Booksellers Call for Encore of Italian Cookbook

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Those who link carnival food with corn dogs and gyros are missing out on almost sixteen centuries of outstanding Italian cuisine. Food fit for a banquet or a carnival (which comes from the Latin phrase for "removal of meat") is offered by Boston-area chef and food writer Franco Romagnoli in Cucina Di Magro: Cooking Lean the Italian Way (Steerforth Press, January 2003). Romagnoli dates Italian cooking without meat to the fourth century when edicts from the Roman Catholic Church prohibited meat eating on certain days, totaling about one-third of the year.

First published in 1976 as The Romagnoli's Meatless Cookbook (Atlantic Monthly Press), the cookbook featured recipes that the native Roman and his wife, the late Margaret Romagnoli, demonstrated on their popular Boston cooking show. The cookbook gained a loyal following, particularly among booksellers, although, Romagnoli told BTW, "the title was a downer -- meatless."

The publisher of Steerforth Press, Chip Fleischer, explained that the reissued version, with many revisions and 22 new recipes, resulted quite directly from the input of a small group of independent booksellers. Fleischer described the scene at an event held during the 2001 New England Booksellers Association trade show: "We [Steerforth] held a Roman feast at the Boston restaurant, No. 9 Park, to introduce booksellers to Franco's travel memoir about Rome, A Thousand Bells at Noon (Steerforth/HarperPerennial). Franco's friend Julia Child was the center of the show, while Franco went quietly from course to course, from table to table. As he made the rounds, he lit up each table with his charm and humor." One table of booksellers recalled the Romagnoli's meatless cookbook with enthusiasm, and one declared it "the best cookbook I've ever had."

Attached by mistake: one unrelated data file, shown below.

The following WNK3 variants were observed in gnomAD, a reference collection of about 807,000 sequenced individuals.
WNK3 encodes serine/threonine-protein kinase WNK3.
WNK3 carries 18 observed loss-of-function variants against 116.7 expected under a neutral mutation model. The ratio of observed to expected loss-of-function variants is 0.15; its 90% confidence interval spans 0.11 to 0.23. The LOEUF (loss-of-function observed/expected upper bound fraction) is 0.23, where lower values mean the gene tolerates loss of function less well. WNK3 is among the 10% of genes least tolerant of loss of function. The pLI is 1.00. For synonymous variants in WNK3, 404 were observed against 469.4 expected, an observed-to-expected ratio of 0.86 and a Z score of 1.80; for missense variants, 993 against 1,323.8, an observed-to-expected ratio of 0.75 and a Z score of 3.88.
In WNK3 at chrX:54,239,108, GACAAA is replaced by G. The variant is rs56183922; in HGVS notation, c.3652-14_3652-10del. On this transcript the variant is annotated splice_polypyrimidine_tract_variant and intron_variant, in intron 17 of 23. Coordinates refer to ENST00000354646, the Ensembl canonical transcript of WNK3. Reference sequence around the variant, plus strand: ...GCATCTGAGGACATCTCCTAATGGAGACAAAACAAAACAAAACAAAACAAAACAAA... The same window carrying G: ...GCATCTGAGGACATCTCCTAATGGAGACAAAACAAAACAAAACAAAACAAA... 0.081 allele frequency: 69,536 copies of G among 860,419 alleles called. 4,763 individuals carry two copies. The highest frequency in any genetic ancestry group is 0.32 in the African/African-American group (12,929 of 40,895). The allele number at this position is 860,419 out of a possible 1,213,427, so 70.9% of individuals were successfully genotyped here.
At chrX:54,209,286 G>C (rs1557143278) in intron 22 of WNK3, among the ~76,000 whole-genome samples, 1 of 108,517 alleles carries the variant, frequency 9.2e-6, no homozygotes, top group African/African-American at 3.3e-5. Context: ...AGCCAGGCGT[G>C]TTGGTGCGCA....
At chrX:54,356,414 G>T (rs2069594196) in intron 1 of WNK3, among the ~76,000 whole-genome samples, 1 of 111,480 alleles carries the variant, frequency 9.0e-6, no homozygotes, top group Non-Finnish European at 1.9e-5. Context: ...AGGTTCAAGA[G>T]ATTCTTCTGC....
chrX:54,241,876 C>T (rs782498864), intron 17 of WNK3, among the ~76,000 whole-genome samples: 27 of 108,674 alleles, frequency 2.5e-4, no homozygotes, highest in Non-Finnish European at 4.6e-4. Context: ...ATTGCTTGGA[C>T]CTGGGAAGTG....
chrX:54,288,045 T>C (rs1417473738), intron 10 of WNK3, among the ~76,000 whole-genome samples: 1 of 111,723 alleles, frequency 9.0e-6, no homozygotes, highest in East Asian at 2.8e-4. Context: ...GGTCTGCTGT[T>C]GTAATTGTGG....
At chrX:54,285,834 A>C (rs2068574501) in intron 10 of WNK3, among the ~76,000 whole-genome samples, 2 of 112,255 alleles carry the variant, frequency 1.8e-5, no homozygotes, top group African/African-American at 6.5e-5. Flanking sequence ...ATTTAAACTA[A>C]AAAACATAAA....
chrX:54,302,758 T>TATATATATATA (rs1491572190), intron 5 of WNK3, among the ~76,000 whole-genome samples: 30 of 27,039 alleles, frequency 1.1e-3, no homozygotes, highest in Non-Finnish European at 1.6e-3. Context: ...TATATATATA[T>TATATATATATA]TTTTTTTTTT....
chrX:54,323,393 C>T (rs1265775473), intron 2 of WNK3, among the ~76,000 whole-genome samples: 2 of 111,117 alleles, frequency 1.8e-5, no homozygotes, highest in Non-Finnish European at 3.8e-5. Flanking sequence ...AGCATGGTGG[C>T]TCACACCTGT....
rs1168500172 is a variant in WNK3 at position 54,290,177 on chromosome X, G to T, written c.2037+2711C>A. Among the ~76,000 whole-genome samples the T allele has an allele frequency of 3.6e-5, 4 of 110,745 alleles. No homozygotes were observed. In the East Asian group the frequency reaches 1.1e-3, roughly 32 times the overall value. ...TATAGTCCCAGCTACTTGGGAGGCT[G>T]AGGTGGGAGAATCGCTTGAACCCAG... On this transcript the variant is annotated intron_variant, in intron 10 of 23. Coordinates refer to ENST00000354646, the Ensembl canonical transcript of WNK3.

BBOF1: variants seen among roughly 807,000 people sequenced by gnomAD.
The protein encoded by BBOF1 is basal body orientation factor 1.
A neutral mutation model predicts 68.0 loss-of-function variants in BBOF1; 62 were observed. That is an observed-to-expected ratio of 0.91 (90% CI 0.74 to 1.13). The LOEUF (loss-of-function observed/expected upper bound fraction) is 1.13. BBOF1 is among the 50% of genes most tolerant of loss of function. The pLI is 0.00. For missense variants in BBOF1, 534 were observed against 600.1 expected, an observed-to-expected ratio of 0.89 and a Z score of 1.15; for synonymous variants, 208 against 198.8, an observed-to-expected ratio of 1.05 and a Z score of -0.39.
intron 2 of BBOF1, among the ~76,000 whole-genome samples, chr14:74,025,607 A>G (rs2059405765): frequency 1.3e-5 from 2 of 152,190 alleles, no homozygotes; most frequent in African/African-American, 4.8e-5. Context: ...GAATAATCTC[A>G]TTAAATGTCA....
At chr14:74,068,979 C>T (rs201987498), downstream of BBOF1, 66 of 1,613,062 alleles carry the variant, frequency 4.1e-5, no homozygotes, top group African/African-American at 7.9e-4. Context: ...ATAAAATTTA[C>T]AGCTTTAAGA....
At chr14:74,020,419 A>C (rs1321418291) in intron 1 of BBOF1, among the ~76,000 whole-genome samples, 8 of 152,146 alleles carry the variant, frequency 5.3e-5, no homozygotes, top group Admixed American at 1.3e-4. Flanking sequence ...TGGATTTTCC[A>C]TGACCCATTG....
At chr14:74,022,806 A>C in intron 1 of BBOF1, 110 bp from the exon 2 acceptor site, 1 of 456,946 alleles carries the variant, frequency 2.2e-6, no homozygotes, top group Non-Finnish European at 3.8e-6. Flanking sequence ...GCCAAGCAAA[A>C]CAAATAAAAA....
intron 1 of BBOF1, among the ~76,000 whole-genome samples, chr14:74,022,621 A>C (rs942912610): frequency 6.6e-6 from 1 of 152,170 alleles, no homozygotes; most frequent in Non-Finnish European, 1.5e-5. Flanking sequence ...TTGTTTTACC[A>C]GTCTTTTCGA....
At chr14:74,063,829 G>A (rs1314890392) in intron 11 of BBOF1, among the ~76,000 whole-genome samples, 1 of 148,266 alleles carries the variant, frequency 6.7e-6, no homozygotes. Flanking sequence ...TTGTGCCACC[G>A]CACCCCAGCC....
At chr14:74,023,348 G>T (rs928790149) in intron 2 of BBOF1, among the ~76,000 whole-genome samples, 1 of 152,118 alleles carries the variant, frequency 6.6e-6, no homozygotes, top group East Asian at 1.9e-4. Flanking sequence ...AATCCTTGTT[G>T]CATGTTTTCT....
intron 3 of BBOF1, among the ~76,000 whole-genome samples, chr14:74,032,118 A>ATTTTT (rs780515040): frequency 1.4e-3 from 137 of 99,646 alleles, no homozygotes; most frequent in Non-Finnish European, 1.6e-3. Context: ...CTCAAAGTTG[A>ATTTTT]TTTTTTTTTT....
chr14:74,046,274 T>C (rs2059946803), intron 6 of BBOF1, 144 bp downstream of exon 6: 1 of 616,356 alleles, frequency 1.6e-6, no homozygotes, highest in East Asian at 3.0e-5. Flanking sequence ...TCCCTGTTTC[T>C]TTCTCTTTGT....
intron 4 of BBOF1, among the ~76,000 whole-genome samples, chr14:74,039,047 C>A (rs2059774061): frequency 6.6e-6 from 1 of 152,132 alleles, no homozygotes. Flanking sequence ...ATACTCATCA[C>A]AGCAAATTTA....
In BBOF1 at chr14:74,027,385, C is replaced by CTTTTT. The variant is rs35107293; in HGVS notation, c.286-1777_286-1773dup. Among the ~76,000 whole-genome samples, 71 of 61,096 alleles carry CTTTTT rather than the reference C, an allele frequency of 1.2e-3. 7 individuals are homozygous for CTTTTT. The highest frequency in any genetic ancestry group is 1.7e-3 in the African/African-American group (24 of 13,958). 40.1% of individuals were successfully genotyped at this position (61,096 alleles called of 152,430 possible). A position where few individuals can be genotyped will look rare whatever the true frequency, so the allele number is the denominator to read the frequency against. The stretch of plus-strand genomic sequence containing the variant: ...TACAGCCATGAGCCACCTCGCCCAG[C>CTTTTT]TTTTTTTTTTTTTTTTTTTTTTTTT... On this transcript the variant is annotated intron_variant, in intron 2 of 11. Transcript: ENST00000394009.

Fleischer continued, "A group of booksellers called me over and insisted that Steerforth reissue the work with Franco's choice of title and a major round of updating to reflect the times. What choice did I have?"

Romagnoli was pleased to update the cookbook and present it anew in a much-changed culinary environment. He told BTW, "In 1976, even though we were here in Boston, with a sizable Italian population, even so, many ingredients were not available." For example? "Fresh mozzarella…. Maybe somewhere there was one little artisan making two a day. Mussels too. Strange that in a city like this [they were available] just in a few fish stores. Fresh Parmigiano Reggiano was unheard of. Only the [prepackaged] supermarket type.

"But," Romagnoli was quick to add, "people use what they have, and they make do."

One of the attitudes that Romagnoli has tried to change is that preparing quality cuisine is only for the elite. "All along, we are trying to touch the general public -- to help them avoid a special trip to a special store to get special things."

Romagnoli's recipes, which rely on a few main ingredients and simple, intelligible directions, are appealing to today's rushed but ambitious cooks. Cooking lean, without meat, is also a big draw.

Romagnoli seasons his writing with large helpings of humor and passion for food. On selecting good olive oil, he writes: "If it [the oil] delights the palate, it's perfect. If it leaves a bitter aftertaste, it is also perfect—to boil in cauldrons and pour on attacking enemies. You get a castle for that." --Nomi Schwartz